My first JCK show was a doozy.
It was 2000, and I’d just been hired by a fledgling B2B website called GemKey.com as its New York City–based pearl and watch editor. I knew nothing about pearls and even less about watches. A month into my new gig, my boss, Russ Shor, a former JCK diamond editor who would go on to work at GIA, told me I’d be going to Las Vegas to attend my first JCK show.
I was thrilled—and stressed. My dear friend Jeannie had just been hired by GemConnect.com, GemKey’s biggest competitor, and would also be in Vegas. I marveled at how we’d managed to luck into the same industry yet land jobs at rival websites. We tried to pretend it didn’t matter. But the tension was thick. A face-off at the Sands Expo, JCK’s then home, was inevitable.
Now, as the show prepares to return to the Sands after an eight-year spell at Mandalay Bay, all the emotions of my first JCK have come flooding back. The thrill of seeing gazillions of carats of diamonds under a single roof; the exhaustion I’d feel every morning crossing the bridge between Treasure Island and The Venetian; the discombobulation of trying to understand this strange and glamorous business; and, of course, the excitement and dread of knowing I was bound to run into my friend/professional adversary. (Jeannie and I ended up settling our differences over cocktails and roulette—as you do!)
In “And the Sands Played On,” senior editor Emili Vesilind asked five JCK show veterans to reflect on their favorite memories of the old Sands—and what they’re looking forward to seeing and doing this year, now that the venue has gone through a multimillion-dollar renovation. For old-timers like myself, the article is sure to prompt nostalgia. For newcomers, it’s a must-read guide to the show’s new-old home.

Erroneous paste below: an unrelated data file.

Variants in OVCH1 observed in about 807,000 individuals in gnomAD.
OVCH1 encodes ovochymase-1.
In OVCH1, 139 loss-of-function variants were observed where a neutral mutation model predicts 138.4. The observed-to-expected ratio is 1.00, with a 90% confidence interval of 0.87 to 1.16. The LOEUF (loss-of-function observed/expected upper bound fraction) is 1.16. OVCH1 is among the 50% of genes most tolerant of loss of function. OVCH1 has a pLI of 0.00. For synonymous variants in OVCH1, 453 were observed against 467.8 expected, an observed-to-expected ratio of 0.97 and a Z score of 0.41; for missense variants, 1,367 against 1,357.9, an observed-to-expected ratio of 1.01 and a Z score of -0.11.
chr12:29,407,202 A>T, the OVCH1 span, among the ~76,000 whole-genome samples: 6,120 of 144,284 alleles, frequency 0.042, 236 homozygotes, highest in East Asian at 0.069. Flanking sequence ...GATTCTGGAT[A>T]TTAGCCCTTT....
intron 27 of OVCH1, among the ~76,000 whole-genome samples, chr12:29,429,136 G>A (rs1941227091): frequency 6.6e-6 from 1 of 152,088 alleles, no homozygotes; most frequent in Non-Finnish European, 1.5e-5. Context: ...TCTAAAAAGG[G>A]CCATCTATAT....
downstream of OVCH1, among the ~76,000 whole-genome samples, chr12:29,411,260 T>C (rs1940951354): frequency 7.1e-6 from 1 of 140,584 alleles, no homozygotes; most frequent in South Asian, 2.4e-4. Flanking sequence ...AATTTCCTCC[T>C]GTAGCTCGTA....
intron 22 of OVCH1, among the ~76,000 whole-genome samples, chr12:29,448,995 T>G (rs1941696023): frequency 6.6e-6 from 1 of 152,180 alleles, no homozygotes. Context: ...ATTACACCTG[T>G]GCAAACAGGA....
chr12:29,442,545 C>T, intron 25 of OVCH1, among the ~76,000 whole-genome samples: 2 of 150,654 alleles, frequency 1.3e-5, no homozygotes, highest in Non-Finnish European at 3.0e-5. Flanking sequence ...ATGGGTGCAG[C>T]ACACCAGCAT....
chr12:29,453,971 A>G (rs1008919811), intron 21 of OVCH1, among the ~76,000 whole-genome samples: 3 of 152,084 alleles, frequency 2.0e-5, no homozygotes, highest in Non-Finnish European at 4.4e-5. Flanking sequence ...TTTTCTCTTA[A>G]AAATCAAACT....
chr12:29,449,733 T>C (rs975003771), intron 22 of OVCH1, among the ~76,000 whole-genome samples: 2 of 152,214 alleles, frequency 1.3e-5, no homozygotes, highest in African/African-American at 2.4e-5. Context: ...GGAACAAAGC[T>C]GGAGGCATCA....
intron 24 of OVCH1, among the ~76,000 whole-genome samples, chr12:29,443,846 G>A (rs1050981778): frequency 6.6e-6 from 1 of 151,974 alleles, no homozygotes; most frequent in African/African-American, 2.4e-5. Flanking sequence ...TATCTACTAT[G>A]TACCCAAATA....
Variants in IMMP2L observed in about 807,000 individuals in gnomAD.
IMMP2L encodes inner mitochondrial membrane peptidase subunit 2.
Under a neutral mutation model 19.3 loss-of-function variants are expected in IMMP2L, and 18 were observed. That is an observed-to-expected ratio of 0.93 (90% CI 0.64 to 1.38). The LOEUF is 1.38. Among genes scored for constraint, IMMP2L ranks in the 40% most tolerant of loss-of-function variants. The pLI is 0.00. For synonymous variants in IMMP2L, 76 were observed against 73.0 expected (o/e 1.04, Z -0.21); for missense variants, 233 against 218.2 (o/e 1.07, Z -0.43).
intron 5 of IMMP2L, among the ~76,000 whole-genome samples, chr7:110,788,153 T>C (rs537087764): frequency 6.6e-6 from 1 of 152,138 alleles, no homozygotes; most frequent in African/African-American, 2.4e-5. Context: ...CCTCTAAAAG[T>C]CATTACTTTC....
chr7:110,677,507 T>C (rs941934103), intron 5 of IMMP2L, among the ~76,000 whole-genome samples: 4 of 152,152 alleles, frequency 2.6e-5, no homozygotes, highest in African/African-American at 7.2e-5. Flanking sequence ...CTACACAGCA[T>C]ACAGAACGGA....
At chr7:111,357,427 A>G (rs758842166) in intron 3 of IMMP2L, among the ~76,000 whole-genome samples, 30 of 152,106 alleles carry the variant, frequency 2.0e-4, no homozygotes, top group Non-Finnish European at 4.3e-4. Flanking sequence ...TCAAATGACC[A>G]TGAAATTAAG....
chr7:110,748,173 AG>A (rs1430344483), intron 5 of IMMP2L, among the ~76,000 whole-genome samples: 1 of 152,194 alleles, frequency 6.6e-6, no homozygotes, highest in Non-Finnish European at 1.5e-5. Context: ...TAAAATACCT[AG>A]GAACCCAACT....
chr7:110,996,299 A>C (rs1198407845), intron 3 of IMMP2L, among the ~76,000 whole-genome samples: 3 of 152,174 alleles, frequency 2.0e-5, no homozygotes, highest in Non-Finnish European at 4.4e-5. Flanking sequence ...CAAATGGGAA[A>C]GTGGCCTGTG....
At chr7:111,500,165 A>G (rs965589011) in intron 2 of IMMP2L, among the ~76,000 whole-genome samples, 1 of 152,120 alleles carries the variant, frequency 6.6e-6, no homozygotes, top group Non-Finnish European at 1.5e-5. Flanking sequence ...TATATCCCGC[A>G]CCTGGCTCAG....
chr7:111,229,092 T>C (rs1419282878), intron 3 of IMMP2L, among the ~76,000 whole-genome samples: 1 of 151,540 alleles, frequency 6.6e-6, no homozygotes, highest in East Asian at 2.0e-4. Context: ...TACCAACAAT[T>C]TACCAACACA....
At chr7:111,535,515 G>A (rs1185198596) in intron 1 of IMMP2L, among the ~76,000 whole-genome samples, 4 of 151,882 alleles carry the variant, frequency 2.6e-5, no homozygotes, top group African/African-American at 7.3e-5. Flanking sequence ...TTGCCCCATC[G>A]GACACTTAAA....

Other highlights of this issue: news director Rob Bates’ insightful analysis of the eco-friendly claims made by producers of mined and lab-grown diamonds (“How Green Is Your Diamond?”); Vesilind’s thoughtful first-person essay about what it was like to spend a day “working” at Washington, D.C.’s I. Gorman Jewelers (“Salesperson for a Day”); and the fourth entry in our 150th-anniversary series (“150 Years, 150 Voices: Part 4”) by Whitney Sielaff, who happens to be my old boss from my days at National Jeweler.
Now in my 20th year as a jewelry editor, I understand something essential about the industry: It always comes full circle. And at the center of that circle lies JCK Las Vegas. The show is many things—a place to spot trends, meet customers, commune with friends, get educated—but above all, it’s where you go to appreciate your role in a centuries-old trade that year after year continues to feel fresh and exciting.
Top: The new Aria Emerald platinum and diamond ring ($3,490) by Design Center exhibitor Mia Katrin for Jewel Couture
(Gomelsky photograph by Nicholas A. Prakas; hair and makeup: Claudia Andreatta/Halley Resources)